Lee and Amy with (l-r) Bradley, Claire, Richard, Andrew, Katie and Denise

CPR saved me and it could save others too

Appeal from cardiac arrest survivor after meeting the ambulance crews who helped save his life

A cardiac arrest survivor is raising awareness of CPR after reuniting with the ambulance crews who helped save his life.

Lee Stephenson suffered a cardiac arrest at his home in South Gosforth on March 20 after believing the chest pains he had been experiencing all day couldn’t possibly be a heart attack due to him being just 31-years-old.

His quick-thinking fiancée, Amy Donalson, quickly dialled 999 and put the first aid skills she had learned at work into practice, desperately trying to save Lee’s life with the help of 999 health advisor Bradley Sanderson, whilst the ambulance crews were en-route.

Lee is now recovering well, and the pair are now preparing for their wedding on 12 June. They have now been able to thank the people who helped to make sure their wedding was possible.

The reunion also gave the staff the opportunity to thank Amy and Lee for raising over £2,000 to help North East Ambulance Service’s Charitable Fund to install a defibrillator in Grangetown, Sunderland, where Lee grew up, in the hope of helping save someone else’s life.

“That night was the worst of my life,” said Amy, aged 28. “I thought I had lost him.

“He snores anyway but he started making this horrible noise so I turned the light on and I could see straight away that it was serious. His back was soaking, his hands were freezing, and he was going a bit blue.

“Without Bradley’s amazing help talking me through CPR and the fast response of the paramedic team, I have no doubt that Lee wouldn’t be with me today.”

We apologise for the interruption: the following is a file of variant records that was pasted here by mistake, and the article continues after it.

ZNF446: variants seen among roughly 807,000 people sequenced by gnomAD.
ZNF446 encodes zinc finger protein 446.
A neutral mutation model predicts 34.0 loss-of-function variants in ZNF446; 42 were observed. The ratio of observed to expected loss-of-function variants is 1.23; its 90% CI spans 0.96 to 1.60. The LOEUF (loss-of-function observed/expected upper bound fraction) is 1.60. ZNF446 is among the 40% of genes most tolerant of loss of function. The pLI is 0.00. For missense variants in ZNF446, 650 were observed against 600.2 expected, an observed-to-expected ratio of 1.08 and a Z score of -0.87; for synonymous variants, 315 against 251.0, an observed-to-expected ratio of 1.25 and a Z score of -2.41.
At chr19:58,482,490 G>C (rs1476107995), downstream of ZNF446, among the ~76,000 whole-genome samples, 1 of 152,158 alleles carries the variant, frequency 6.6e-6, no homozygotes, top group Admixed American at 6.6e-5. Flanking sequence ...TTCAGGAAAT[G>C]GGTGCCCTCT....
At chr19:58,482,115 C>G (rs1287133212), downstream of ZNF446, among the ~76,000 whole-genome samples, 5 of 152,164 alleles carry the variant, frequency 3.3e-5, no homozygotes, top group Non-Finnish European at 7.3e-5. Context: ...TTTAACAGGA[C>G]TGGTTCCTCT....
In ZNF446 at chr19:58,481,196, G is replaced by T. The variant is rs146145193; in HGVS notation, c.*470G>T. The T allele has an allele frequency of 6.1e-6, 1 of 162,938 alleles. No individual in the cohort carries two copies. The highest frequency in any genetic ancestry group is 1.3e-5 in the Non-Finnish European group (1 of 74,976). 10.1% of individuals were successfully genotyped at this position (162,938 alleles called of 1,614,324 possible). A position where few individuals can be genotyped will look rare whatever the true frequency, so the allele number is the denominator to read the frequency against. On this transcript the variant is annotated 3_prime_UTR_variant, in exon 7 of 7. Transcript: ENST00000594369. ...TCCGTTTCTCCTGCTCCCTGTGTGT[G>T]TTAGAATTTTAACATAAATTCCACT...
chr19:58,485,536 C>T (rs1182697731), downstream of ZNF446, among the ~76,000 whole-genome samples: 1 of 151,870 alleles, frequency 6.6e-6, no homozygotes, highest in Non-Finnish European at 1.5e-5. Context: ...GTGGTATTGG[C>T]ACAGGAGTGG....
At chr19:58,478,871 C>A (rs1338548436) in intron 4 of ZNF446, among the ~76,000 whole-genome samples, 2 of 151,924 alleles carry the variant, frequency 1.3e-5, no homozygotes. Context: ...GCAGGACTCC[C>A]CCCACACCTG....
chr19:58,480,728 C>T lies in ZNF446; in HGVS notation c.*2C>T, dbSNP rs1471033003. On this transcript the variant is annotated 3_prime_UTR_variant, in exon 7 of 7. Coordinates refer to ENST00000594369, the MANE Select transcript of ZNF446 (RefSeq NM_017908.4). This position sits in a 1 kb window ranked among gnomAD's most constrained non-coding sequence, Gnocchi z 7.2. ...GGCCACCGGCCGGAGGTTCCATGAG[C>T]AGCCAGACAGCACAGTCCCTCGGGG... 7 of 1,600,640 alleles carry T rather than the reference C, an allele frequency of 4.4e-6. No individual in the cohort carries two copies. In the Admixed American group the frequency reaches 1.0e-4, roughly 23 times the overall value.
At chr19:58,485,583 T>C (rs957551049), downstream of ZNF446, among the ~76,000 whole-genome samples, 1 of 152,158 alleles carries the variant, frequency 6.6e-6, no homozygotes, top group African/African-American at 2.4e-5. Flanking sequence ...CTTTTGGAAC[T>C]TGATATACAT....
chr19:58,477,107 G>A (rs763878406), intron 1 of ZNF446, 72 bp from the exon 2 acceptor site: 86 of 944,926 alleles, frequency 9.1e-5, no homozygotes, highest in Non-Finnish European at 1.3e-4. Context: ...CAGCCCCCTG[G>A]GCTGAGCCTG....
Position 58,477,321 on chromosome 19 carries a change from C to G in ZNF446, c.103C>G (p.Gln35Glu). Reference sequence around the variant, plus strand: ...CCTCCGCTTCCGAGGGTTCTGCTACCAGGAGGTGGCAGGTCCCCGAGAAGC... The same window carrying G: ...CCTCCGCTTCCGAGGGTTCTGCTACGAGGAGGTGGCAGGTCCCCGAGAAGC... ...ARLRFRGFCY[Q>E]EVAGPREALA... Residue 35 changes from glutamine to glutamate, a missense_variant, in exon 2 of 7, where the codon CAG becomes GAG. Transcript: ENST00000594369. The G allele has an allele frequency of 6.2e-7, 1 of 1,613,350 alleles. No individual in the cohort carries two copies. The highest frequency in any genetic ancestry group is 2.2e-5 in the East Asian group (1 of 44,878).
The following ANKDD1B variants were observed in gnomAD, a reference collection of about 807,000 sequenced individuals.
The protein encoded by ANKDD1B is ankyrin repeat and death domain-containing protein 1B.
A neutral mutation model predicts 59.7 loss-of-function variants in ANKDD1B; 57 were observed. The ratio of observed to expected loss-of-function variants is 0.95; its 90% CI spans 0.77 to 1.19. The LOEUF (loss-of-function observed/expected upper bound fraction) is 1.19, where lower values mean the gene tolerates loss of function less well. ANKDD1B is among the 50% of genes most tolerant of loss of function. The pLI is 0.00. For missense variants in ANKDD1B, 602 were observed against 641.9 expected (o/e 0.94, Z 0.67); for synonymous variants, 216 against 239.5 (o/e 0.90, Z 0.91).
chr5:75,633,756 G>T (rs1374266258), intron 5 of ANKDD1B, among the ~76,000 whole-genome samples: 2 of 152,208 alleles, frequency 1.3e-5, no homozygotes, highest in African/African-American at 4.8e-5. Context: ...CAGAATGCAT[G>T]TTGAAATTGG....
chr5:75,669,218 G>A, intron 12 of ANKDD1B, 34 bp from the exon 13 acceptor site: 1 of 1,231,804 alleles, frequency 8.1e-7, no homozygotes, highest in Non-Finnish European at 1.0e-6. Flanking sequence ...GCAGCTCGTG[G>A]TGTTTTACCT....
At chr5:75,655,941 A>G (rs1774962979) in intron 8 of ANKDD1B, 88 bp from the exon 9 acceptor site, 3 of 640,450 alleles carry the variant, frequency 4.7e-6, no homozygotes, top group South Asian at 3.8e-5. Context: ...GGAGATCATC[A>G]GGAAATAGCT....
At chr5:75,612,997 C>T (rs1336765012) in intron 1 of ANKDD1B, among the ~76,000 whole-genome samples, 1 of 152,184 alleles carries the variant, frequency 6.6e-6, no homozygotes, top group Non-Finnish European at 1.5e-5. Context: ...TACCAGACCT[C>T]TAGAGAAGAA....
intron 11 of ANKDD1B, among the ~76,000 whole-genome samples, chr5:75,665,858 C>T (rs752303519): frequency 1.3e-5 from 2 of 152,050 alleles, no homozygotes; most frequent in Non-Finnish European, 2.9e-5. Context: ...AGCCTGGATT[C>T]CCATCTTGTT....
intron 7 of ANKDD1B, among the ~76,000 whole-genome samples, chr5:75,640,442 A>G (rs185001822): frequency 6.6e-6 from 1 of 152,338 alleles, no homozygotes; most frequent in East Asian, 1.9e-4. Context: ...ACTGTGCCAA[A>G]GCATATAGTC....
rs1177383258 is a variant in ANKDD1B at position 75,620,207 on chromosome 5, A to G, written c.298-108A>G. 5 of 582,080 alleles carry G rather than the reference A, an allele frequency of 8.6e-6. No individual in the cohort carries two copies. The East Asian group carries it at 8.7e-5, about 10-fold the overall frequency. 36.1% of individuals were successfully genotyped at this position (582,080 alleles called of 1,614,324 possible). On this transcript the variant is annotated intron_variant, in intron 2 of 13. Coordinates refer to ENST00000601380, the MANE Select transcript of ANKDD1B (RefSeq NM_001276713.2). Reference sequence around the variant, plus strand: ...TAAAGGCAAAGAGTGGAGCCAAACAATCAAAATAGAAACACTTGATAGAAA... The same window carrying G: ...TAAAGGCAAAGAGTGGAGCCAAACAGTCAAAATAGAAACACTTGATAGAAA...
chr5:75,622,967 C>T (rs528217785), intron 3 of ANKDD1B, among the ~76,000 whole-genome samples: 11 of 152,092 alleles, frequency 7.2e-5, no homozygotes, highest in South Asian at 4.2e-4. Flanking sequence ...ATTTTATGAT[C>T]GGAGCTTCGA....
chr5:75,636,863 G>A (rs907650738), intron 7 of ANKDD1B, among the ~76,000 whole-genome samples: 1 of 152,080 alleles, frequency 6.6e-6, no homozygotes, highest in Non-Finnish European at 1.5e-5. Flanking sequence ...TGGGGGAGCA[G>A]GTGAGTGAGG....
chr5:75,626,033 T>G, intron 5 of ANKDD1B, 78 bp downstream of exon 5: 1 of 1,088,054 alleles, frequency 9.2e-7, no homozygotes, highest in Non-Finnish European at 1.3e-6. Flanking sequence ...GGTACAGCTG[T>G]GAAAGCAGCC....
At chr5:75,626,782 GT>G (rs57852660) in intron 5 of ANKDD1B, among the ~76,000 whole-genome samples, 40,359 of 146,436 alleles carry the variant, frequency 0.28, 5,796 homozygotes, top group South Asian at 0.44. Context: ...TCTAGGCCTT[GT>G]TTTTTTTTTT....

Speaking after the reunion, Bradley said: “Taking a CPR call is one of the calls no one likes to receive, as at that moment in time the other person on the phone is going through the worst moment of their life.

“Amy did extremely well under the circumstances she found herself in, and was quick to recognise that Lee wasn’t breathing and although Amy was understandably panicking, she was able to listen to the advice I was giving her of getting Lee on a flat hard surface, and how to give CPR, which is important to start as soon as possible to enable the patient to have the best chance of surviving.

“It was a great experience getting to meet both Lee and Amy; as a health advisor we don’t usually get to meet the patient or find out the outcome in most cases, however in this case, it was great to see Lee doing so well in which Amy should be pleased with how well she managed that night due to her early recognition and effective CPR.” 

Clinical care manager Richard Ilderton was first to arrive, alongside Blucher ambulance crew paramedic Denise Bridge and clinical care assistant Andrew Wood and closely followed by specialist paramedic Claire Gilroy and Sandyford ambulance crew paramedic Katie Sharp and clinical care assistant Neil Jones.